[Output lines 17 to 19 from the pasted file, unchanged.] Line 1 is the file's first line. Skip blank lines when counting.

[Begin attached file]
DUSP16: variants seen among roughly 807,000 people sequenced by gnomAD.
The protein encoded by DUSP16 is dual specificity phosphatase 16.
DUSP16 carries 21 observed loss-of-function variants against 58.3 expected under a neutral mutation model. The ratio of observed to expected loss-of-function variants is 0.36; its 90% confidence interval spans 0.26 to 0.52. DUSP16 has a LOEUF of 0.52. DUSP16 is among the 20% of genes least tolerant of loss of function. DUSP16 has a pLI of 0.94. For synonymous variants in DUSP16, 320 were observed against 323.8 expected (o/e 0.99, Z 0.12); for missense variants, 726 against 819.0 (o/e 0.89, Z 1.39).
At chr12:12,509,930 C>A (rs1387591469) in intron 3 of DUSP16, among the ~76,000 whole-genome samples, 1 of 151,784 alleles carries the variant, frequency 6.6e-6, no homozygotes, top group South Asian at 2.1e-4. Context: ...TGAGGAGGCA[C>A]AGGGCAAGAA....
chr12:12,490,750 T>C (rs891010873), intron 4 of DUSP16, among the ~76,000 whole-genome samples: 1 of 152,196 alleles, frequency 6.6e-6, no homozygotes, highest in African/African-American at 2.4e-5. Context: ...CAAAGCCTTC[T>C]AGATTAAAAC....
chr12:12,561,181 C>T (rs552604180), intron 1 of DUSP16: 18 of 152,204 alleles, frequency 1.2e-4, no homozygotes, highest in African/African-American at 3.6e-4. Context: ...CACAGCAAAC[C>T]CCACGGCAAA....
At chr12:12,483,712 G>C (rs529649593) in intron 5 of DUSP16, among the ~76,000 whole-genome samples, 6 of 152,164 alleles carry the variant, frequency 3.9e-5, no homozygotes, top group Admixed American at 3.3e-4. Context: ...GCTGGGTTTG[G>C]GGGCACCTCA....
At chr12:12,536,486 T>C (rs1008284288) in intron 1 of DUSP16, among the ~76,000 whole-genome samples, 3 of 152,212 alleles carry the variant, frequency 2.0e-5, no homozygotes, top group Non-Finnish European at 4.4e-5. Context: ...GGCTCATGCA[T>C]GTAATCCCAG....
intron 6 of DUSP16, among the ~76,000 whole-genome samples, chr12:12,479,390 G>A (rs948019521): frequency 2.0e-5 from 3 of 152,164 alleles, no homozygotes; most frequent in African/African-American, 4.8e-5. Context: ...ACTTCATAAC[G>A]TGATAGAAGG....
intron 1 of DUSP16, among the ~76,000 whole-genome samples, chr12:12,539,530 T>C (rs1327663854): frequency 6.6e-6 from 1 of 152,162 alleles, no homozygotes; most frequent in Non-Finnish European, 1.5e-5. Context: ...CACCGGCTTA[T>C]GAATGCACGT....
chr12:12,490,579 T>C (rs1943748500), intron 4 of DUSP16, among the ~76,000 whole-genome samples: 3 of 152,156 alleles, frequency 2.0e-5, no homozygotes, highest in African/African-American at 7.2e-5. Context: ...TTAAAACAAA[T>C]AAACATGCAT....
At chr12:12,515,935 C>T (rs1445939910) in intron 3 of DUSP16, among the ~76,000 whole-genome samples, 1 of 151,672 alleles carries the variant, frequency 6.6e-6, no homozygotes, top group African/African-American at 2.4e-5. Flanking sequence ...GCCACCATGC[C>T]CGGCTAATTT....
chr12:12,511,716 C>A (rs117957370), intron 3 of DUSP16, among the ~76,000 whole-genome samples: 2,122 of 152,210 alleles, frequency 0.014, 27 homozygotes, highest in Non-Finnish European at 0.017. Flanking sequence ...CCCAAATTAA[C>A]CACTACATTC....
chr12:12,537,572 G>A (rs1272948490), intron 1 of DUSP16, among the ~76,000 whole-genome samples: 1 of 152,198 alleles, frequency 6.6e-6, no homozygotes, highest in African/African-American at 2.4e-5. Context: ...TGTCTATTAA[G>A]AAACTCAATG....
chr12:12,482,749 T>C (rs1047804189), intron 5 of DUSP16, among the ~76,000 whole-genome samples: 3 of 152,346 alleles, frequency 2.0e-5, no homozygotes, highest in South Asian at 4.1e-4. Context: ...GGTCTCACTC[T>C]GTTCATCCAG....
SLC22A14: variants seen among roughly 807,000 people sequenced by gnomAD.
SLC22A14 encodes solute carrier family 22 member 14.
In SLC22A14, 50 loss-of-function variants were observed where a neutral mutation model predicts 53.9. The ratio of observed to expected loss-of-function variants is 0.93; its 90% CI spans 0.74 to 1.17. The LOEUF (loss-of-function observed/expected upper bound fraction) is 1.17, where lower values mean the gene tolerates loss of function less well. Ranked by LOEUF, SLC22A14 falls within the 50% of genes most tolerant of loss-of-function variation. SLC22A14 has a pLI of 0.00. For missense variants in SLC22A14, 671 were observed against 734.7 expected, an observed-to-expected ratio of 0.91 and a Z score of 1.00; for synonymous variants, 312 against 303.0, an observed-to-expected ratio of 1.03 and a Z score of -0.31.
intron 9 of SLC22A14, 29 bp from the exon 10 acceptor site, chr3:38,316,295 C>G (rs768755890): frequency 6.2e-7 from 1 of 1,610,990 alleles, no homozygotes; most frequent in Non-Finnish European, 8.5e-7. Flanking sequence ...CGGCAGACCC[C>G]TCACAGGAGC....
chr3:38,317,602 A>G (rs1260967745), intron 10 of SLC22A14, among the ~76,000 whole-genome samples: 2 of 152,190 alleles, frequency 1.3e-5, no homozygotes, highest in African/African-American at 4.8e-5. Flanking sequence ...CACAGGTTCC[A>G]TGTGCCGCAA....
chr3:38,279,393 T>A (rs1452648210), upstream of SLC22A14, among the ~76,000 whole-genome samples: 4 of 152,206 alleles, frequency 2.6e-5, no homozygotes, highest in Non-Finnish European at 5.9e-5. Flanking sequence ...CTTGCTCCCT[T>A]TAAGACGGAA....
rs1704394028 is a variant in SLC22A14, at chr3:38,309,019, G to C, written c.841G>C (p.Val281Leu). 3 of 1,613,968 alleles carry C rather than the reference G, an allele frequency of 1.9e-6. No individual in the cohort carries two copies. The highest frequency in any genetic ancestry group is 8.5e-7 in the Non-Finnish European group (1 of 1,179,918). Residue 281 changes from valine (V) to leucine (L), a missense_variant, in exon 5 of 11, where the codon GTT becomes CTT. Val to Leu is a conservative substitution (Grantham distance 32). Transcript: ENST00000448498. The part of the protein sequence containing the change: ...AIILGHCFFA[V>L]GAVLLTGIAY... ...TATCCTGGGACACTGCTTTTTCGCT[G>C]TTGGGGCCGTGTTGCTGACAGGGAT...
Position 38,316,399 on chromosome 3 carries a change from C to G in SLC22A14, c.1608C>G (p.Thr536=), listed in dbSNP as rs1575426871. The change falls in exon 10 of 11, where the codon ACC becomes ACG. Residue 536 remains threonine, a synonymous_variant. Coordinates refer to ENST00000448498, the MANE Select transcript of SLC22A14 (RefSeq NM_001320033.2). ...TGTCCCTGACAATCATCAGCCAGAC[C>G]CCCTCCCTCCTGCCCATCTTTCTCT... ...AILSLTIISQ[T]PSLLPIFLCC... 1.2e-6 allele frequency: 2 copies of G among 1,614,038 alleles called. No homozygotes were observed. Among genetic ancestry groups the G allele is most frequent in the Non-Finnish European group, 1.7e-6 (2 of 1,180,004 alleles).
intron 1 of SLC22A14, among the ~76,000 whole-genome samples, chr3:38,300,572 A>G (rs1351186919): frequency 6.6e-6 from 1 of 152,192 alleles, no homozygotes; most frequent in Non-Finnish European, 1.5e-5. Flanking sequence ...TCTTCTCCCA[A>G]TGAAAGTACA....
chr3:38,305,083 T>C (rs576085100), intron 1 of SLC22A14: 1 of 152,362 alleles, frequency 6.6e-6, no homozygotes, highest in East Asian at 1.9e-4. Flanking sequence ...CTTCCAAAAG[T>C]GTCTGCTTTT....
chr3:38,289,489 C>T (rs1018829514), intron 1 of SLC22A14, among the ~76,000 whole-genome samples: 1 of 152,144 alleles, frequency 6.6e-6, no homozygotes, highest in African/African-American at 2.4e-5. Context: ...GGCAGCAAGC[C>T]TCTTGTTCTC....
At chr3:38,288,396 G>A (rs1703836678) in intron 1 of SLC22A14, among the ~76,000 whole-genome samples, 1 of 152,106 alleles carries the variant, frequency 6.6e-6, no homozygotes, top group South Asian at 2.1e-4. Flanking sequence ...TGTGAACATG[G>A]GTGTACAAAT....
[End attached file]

SLC22A14 encodes solute carrier family 22 member 14.
In SLC22A14, 50 loss-of-function variants were observed where a neutral mutation model predicts 53.9. The ratio of observed to expected loss-of-function variants is 0.93; its 90% CI spans 0.74 to 1.17. The LOEUF (loss-of-function observed/expected upper bound fraction) is 1.17, where lower values mean the gene tolerates loss of function less well. Ranked by LOEUF, SLC22A14 falls within the 50% of genes most tolerant of loss-of-function variation. SLC22A14 has a pLI of 0.00. For missense variants in SLC22A14, 671 were observed against 734.7 expected, an observed-to-expected ratio of 0.91 and a Z score of 1.00; for synonymous variants, 312 against 303.0, an observed-to-expected ratio of 1.03 and a Z score of -0.31.
intron 9 of SLC22A14, 29 bp from the exon 10 acceptor site, chr3:38,316,295 C>G (rs768755890): frequency 6.2e-7 from 1 of 1,610,990 alleles, no homozygotes; most frequent in Non-Finnish European, 8.5e-7. Flanking sequence ...CGGCAGACCC[C>G]TCACAGGAGC....